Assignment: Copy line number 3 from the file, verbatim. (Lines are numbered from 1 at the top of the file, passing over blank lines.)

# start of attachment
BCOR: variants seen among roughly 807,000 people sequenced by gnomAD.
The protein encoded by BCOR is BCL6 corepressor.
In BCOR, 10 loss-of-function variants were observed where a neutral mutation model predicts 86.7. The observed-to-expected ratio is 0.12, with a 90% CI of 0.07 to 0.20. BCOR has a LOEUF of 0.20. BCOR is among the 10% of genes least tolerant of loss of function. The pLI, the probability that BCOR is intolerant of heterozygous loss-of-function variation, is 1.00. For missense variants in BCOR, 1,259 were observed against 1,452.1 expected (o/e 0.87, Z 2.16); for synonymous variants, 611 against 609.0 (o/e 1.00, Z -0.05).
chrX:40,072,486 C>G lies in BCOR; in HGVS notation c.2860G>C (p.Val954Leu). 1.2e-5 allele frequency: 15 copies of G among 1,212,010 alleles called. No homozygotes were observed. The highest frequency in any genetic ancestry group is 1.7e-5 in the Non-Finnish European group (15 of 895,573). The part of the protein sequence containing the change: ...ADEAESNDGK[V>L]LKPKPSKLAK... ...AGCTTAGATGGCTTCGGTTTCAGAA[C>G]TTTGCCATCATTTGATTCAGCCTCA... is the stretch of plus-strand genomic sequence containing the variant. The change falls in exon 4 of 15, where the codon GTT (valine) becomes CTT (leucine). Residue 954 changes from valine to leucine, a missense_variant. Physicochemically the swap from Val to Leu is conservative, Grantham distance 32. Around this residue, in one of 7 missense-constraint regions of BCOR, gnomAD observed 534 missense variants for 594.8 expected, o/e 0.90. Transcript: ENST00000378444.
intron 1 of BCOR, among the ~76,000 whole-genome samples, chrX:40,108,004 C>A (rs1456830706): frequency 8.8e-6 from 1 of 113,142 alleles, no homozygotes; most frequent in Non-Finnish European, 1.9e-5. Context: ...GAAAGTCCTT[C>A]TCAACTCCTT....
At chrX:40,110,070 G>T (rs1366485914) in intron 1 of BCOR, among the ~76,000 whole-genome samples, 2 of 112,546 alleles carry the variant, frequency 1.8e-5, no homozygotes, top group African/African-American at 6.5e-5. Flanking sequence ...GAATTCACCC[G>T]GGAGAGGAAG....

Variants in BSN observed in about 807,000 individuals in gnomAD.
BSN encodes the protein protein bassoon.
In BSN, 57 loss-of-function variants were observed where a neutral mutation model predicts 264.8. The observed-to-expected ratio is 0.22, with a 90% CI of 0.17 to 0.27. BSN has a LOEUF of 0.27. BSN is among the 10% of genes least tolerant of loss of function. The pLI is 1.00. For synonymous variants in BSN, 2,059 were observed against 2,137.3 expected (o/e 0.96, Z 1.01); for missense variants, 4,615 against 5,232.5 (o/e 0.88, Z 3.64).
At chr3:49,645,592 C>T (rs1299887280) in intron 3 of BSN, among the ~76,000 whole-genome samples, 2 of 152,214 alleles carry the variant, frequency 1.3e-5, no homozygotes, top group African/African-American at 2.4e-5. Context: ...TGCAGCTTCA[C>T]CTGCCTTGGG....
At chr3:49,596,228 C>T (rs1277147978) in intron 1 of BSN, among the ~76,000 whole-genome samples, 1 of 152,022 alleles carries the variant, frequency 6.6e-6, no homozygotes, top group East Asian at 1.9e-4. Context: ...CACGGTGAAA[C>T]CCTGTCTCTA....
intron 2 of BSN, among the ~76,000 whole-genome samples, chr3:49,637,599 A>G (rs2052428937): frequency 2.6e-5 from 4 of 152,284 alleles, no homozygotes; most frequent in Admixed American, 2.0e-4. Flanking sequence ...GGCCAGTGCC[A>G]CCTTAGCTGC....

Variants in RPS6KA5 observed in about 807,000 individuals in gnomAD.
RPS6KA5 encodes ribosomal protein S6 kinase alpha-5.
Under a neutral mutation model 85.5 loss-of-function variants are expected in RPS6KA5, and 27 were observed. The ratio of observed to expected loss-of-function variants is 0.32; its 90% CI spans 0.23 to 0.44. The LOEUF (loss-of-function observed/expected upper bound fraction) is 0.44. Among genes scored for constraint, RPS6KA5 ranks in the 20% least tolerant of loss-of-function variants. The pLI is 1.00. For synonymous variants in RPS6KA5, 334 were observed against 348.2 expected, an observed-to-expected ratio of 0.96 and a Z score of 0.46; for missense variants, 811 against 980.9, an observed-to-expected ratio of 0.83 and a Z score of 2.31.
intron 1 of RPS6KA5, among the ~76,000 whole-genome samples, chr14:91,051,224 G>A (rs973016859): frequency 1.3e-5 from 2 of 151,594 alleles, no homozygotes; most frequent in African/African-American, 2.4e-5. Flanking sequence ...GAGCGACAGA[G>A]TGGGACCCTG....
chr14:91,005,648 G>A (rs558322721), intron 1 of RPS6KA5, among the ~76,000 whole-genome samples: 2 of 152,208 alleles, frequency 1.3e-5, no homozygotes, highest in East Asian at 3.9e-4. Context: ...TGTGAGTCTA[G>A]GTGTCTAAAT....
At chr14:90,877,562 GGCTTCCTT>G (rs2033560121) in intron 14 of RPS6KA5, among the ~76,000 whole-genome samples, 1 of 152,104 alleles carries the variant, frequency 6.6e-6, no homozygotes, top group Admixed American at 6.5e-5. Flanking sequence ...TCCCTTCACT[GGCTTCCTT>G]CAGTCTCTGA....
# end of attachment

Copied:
In BCOR, 10 loss-of-function variants were observed where a neutral mutation model predicts 86.7. The observed-to-expected ratio is 0.12, with a 90% CI of 0.07 to 0.20. BCOR has a LOEUF of 0.20. BCOR is among the 10% of genes least tolerant of loss of function. The pLI, the probability that BCOR is intolerant of heterozygous loss-of-function variation, is 1.00. For missense variants in BCOR, 1,259 were observed against 1,452.1 expected (o/e 0.87, Z 2.16); for synonymous variants, 611 against 609.0 (o/e 1.00, Z -0.05).